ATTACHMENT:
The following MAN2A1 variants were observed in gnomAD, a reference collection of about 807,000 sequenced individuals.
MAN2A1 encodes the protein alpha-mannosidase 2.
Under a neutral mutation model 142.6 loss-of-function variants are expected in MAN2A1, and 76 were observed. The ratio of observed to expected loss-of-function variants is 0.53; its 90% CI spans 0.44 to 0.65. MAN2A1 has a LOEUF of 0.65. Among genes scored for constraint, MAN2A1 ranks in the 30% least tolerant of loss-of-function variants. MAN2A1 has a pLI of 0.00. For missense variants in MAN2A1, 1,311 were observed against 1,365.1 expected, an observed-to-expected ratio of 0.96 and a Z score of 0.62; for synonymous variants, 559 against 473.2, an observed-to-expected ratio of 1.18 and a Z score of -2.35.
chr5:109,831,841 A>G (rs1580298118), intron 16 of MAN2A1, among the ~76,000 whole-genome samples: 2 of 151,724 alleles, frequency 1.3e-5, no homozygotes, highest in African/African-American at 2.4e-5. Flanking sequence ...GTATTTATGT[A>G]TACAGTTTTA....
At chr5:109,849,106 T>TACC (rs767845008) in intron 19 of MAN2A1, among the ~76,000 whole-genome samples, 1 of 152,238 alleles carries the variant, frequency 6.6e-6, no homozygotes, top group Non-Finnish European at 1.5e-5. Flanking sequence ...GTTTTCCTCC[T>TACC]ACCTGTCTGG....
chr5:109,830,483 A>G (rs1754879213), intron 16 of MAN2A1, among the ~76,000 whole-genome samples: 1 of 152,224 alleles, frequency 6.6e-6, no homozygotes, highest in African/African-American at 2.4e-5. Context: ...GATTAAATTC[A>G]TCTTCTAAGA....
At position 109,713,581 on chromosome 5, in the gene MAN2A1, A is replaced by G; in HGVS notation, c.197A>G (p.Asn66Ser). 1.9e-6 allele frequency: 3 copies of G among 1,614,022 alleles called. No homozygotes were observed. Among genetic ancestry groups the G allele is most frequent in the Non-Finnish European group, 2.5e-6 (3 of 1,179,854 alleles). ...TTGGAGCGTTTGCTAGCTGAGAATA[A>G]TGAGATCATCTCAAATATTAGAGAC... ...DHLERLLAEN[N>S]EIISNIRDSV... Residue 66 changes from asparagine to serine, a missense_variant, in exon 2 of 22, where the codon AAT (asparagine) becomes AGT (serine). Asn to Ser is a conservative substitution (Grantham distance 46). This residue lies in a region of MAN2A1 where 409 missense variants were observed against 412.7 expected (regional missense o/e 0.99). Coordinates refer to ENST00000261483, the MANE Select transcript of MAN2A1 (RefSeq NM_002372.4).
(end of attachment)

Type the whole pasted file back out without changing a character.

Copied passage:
The following MAN2A1 variants were observed in gnomAD, a reference collection of about 807,000 sequenced individuals.
MAN2A1 encodes the protein alpha-mannosidase 2.
Under a neutral mutation model 142.6 loss-of-function variants are expected in MAN2A1, and 76 were observed. The ratio of observed to expected loss-of-function variants is 0.53; its 90% CI spans 0.44 to 0.65. MAN2A1 has a LOEUF of 0.65. Among genes scored for constraint, MAN2A1 ranks in the 30% least tolerant of loss-of-function variants. MAN2A1 has a pLI of 0.00. For missense variants in MAN2A1, 1,311 were observed against 1,365.1 expected, an observed-to-expected ratio of 0.96 and a Z score of 0.62; for synonymous variants, 559 against 473.2, an observed-to-expected ratio of 1.18 and a Z score of -2.35.
chr5:109,831,841 A>G (rs1580298118), intron 16 of MAN2A1, among the ~76,000 whole-genome samples: 2 of 151,724 alleles, frequency 1.3e-5, no homozygotes, highest in African/African-American at 2.4e-5. Flanking sequence ...GTATTTATGT[A>G]TACAGTTTTA....
At chr5:109,849,106 T>TACC (rs767845008) in intron 19 of MAN2A1, among the ~76,000 whole-genome samples, 1 of 152,238 alleles carries the variant, frequency 6.6e-6, no homozygotes, top group Non-Finnish European at 1.5e-5. Flanking sequence ...GTTTTCCTCC[T>TACC]ACCTGTCTGG....
chr5:109,830,483 A>G (rs1754879213), intron 16 of MAN2A1, among the ~76,000 whole-genome samples: 1 of 152,224 alleles, frequency 6.6e-6, no homozygotes, highest in African/African-American at 2.4e-5. Context: ...GATTAAATTC[A>G]TCTTCTAAGA....
At position 109,713,581 on chromosome 5, in the gene MAN2A1, A is replaced by G; in HGVS notation, c.197A>G (p.Asn66Ser). 1.9e-6 allele frequency: 3 copies of G among 1,614,022 alleles called. No homozygotes were observed. Among genetic ancestry groups the G allele is most frequent in the Non-Finnish European group, 2.5e-6 (3 of 1,179,854 alleles). ...TTGGAGCGTTTGCTAGCTGAGAATA[A>G]TGAGATCATCTCAAATATTAGAGAC... ...DHLERLLAEN[N>S]EIISNIRDSV... Residue 66 changes from asparagine to serine, a missense_variant, in exon 2 of 22, where the codon AAT (asparagine) becomes AGT (serine). Asn to Ser is a conservative substitution (Grantham distance 46). This residue lies in a region of MAN2A1 where 409 missense variants were observed against 412.7 expected (regional missense o/e 0.99). Coordinates refer to ENST00000261483, the MANE Select transcript of MAN2A1 (RefSeq NM_002372.4).